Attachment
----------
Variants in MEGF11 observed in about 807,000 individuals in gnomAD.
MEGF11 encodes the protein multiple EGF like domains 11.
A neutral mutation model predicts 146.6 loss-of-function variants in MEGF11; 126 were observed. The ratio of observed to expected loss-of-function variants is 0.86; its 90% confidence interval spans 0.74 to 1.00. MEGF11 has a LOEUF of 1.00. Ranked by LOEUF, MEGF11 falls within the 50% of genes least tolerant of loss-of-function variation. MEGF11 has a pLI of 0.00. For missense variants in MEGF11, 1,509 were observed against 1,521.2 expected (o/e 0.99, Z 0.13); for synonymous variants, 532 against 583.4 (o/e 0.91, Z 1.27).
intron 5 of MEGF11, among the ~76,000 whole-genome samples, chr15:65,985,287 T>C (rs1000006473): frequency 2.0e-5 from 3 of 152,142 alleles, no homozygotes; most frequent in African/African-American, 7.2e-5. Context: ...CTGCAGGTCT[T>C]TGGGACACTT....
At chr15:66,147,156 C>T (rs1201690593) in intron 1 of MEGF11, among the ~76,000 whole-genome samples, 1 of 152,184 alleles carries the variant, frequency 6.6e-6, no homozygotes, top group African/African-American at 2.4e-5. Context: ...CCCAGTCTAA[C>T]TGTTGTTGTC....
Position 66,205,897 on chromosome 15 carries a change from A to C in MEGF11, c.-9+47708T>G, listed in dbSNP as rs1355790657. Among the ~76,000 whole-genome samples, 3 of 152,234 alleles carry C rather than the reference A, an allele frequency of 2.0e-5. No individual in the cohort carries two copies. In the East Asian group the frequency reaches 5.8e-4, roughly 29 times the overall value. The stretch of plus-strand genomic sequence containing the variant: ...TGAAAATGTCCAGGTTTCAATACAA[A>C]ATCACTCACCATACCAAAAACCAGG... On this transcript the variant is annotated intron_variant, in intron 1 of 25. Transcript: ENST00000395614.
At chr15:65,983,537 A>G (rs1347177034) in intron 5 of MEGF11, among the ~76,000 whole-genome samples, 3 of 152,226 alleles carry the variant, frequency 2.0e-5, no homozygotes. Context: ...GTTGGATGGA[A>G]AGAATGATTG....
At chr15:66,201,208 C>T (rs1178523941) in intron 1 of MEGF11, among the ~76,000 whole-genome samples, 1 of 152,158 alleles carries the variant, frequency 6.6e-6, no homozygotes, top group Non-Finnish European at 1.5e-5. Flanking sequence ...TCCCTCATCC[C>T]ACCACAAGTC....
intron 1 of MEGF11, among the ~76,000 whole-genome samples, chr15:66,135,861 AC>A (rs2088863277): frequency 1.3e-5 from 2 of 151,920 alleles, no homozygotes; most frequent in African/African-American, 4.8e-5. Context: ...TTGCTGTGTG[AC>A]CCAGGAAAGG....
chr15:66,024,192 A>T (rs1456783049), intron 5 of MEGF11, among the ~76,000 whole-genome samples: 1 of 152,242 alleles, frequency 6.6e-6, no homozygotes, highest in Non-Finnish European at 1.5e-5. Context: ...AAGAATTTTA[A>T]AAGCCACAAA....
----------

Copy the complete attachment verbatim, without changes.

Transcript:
Variants in MEGF11 observed in about 807,000 individuals in gnomAD.
MEGF11 encodes the protein multiple EGF like domains 11.
A neutral mutation model predicts 146.6 loss-of-function variants in MEGF11; 126 were observed. The ratio of observed to expected loss-of-function variants is 0.86; its 90% confidence interval spans 0.74 to 1.00. MEGF11 has a LOEUF of 1.00. Ranked by LOEUF, MEGF11 falls within the 50% of genes least tolerant of loss-of-function variation. MEGF11 has a pLI of 0.00. For missense variants in MEGF11, 1,509 were observed against 1,521.2 expected (o/e 0.99, Z 0.13); for synonymous variants, 532 against 583.4 (o/e 0.91, Z 1.27).
intron 5 of MEGF11, among the ~76,000 whole-genome samples, chr15:65,985,287 T>C (rs1000006473): frequency 2.0e-5 from 3 of 152,142 alleles, no homozygotes; most frequent in African/African-American, 7.2e-5. Context: ...CTGCAGGTCT[T>C]TGGGACACTT....
At chr15:66,147,156 C>T (rs1201690593) in intron 1 of MEGF11, among the ~76,000 whole-genome samples, 1 of 152,184 alleles carries the variant, frequency 6.6e-6, no homozygotes, top group African/African-American at 2.4e-5. Context: ...CCCAGTCTAA[C>T]TGTTGTTGTC....
Position 66,205,897 on chromosome 15 carries a change from A to C in MEGF11, c.-9+47708T>G, listed in dbSNP as rs1355790657. Among the ~76,000 whole-genome samples, 3 of 152,234 alleles carry C rather than the reference A, an allele frequency of 2.0e-5. No individual in the cohort carries two copies. In the East Asian group the frequency reaches 5.8e-4, roughly 29 times the overall value. The stretch of plus-strand genomic sequence containing the variant: ...TGAAAATGTCCAGGTTTCAATACAA[A>C]ATCACTCACCATACCAAAAACCAGG... On this transcript the variant is annotated intron_variant, in intron 1 of 25. Transcript: ENST00000395614.
At chr15:65,983,537 A>G (rs1347177034) in intron 5 of MEGF11, among the ~76,000 whole-genome samples, 3 of 152,226 alleles carry the variant, frequency 2.0e-5, no homozygotes. Context: ...GTTGGATGGA[A>G]AGAATGATTG....
At chr15:66,201,208 C>T (rs1178523941) in intron 1 of MEGF11, among the ~76,000 whole-genome samples, 1 of 152,158 alleles carries the variant, frequency 6.6e-6, no homozygotes, top group Non-Finnish European at 1.5e-5. Flanking sequence ...TCCCTCATCC[C>T]ACCACAAGTC....
intron 1 of MEGF11, among the ~76,000 whole-genome samples, chr15:66,135,861 AC>A (rs2088863277): frequency 1.3e-5 from 2 of 151,920 alleles, no homozygotes; most frequent in African/African-American, 4.8e-5. Context: ...TTGCTGTGTG[AC>A]CCAGGAAAGG....
chr15:66,024,192 A>T (rs1456783049), intron 5 of MEGF11, among the ~76,000 whole-genome samples: 1 of 152,242 alleles, frequency 6.6e-6, no homozygotes, highest in Non-Finnish European at 1.5e-5. Context: ...AAGAATTTTA[A>T]AAGCCACAAA....